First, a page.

I entered a contest held by my local newspaper and was chosen to be a guest columnist. I was thrilled to have this happen while my father was still alive to hear of this opportunity. I get to have ten columns published. This is column number two.
With utmost respect and gratitude for all who have protected the United States and for their families whose lives were turned upside down for the duration of their service, this is my humble compilation of stories regarding the two veterans dearest to my heart.
This is the story of my two favorite veterans.My father, a pilot with the Army Air Corps (before there was an Air Force) served in the European Theatre during WWII. He is willing to give us glimpses into his memories of the war. Some of them sweet, like how his unit adopted a shell-shocked dog that could only turn left. Some of them horrendous, like the photos he took at the concentration camp right after it was liberated, of the flatbed trucks piled high with bodies that resembled cords of firewood more than flesh and bones. Some of them brimming with pride, like his favorite 12 star photos. These are photos he took on the airstrip one day when Patton, Ike and Bradley were having an impromptu meeting. He shares letters that he wrote home to my grandparents; there are marks through words and phrases that might have given too much information. He tells stories of how different his last two years at Notre Dame were compared to his first two years, which were pre-war.
Courage is fear holding on a minute longer.
— General George S. Patton, U.S. Army
The honor is all mine- to be the daughter of one of these men.
It is 12:08 A.M. Thursday April 16, 2009. I have just arrived home from dropping my parents off at their home. We had been at the airport. My father went on the Honor Flight/Quad Cities today, he traveled to Washington DC as a guest of the Honor Flight organization. To welcome the flight home, the Patriot Guard, the Marine Moms and I don’t know what other organizations were at the airport forming two long lines of flags. The entire waiting area was packed with people who were there to welcome home the veterans from World War II. A 14 month old baby in a fleecy sleeper giggling as she tried to gum the wooden dowel to which her miniature flag was stapled. A young mother corralling her 4 year old son, 6 & 8 year old daughters- all dressed in red, white and blue. A blue-eyed blond 16 year old lounging on the floor of the gift shop propped up against the magazine rack engrossed in a fishing magazine. A 22 year old college student with sore muscles in her arm, hand & fingers after writing a 3 hour final. A 55 year old woman carrying a fluff ball of a Pomeranian named Princess Puff. Proud wives of “Guardians” with their cameras around their necks. News reporters with their little pads of paper in such contrast to the TV news people in their spike heels and suits being trailed by long black cords and lit up by white bright spot lights.The numerous volunteers wending their way through the masses handing out free parking passes, flags and bottles of water. Airport personnel dragging carts of even more chairs, looking for places to squeeze in a few more. Many 80- 90 year old women looking fatigued at 10:45 P.M., most had other family members with them, but there were several that captured my attention: standing alone holding the little “old glory” and a handbag, waiting patiently, watching down the long flag lined corridor for a sign of their returning soldier…….looking into the faces of these lone women, I could imagine them standing at an airport or train station years ago, waiting for these same servicemen to come home. I wondered if they had a sense of deja vu or was the romantic in me taking over? I was totally flabbergasted at the size of the crowd. All of these people, everyone with their own story to tell. I met a woman waiting for her husband who had been assigned to Pearl Harbor to replace the deceased Intel & Com after the attack. Another whose husband had been at Iwo Jima. A niece was waiting for her dying uncle who made the trip to D.C. today, but had years ago landed on Normandy Beach. A pilot who had a crowd of people bearing flags bigger than most and wearing badges with photos of him “now” and “then” that said things like: “you are my hero”, “thank you Honor Flight QC”, “God Bless the USA”, “Always Remember”. Behind all of the noise of the conversations I could hear strains of patriotic songs and had to waddle dance to “for a duck may be somebody’s mother” and march around to “mine eyes have seen the glory” Finally at 11 o’clock there was much applause, we peered down the people lined aisle and saw the flashing light of an airport cart bringing out the first of the vets, cameras flashed, hands were shook, tears were wiped, hugs were given, but what I found to be the most pronounced and notable happening was what I could hear the crowd saying to these men; strangers with paunch bellies, gray hair, wizened, craggy faces with bright eyes. Some were staggering a bit after such a long day, some were riding in the carts or wheelchairs- all had their shoulders back and their heads held high as they shook hands with the throng and the throng said continually….thank you, thank you very much, you are so appreciated, oh how I thank you, God Bless you, and every single variation of thanks……..to these total strangers………..these old men (and two women)……these brave, courageous Americans……the Greatest Generation………..wow……….let us never forget our gratitude to these men and women who we are losing at a rate of 800 a day. It is because of them that we live the lives we live….let us always remember.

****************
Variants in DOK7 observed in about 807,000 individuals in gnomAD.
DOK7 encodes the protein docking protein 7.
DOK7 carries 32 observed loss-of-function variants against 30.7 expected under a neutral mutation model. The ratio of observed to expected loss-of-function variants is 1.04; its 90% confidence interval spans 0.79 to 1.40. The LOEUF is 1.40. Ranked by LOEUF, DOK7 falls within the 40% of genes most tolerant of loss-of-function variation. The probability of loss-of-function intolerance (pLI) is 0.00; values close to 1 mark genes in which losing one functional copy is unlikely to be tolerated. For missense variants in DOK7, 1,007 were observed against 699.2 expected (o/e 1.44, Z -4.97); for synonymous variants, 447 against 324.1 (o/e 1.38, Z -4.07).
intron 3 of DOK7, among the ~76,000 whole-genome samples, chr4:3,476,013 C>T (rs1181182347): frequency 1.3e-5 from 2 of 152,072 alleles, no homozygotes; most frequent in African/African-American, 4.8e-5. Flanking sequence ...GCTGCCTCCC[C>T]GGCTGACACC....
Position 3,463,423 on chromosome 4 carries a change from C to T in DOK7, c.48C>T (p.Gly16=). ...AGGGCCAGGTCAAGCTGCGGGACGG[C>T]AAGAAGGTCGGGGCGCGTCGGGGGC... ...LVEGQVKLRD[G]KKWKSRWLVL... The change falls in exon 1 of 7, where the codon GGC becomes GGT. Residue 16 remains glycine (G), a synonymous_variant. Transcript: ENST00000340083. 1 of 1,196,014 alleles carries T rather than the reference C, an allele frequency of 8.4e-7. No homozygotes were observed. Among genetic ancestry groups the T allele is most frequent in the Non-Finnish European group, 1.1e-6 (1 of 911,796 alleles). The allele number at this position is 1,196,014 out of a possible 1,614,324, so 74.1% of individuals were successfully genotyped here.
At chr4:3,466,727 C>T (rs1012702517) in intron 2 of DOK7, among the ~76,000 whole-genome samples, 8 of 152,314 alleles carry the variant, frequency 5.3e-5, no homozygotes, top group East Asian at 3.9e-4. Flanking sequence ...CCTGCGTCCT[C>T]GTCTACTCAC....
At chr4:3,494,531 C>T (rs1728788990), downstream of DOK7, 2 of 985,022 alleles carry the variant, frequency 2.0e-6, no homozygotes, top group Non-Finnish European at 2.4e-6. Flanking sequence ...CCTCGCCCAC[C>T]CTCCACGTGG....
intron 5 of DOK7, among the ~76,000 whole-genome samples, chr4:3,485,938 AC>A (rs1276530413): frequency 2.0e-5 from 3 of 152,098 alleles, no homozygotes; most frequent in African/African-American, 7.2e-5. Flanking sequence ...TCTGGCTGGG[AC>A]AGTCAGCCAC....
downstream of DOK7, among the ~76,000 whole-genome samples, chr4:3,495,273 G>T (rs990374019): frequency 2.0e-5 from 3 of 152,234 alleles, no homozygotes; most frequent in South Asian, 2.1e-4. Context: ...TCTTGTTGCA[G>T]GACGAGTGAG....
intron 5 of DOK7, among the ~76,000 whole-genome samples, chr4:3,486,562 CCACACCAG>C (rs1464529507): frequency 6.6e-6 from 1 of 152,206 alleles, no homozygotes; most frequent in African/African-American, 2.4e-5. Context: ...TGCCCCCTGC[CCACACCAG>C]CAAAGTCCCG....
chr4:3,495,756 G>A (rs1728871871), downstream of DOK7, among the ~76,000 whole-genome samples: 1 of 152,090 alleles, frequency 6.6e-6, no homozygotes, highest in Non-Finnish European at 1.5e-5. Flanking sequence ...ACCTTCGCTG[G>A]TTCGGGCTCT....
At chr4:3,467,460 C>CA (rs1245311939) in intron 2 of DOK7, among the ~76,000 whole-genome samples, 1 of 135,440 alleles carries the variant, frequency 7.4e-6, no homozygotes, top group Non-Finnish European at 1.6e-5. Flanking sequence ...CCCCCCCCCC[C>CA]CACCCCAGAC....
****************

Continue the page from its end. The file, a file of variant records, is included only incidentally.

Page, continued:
There were so many on this Honor Flight and a few will be featured or mentioned by some form of media, but how wonderful it would be if we could hear the story of each and every one of them. While awaiting their arrival I was caught up in the stories of the crowd, but it is the stories of these heroes that I long to hear. I wish these men wore the special yellow shirts that identify them as Honor Flight participants every day. I am sure that I rush past these veterans everyday- in the market or the drug store, these men who deserve my thanks, these men who pressed their frail hands into mine, these men who kissed my cheek and thanked ME for coming out to see them, these men who truly are the Greatest Generation.
If you know one of these men, please, get their story. Write it down. Video tape the telling of it, listen and remember it. However you do it, please, get their story.
Other stories that are out there to be told are those of the “Guardians”. Who are these people and what makes them pay $600 and give their time to help? These are people with stories of their own lives. Lives that they owe to these men, these veterans of World War II.
I, the daughter of James Padesky, Honor Flight/QC participant and Army Air Corps Vet have a message to all of the Guardians, to the Honor Flight Quad Cities, to the community who supported this financially and to everyone who had any part in making this day great. Thank you. Anne VandeMoortel
Please fill in women anywhere that I have just written men. I have no intention of dishonoring the women who served, my mother would slap me if I did! I wrote the above after the 2nd Honor Flight out of the Quad Cities. Below is a link to photos of my mother’s Honor Flight.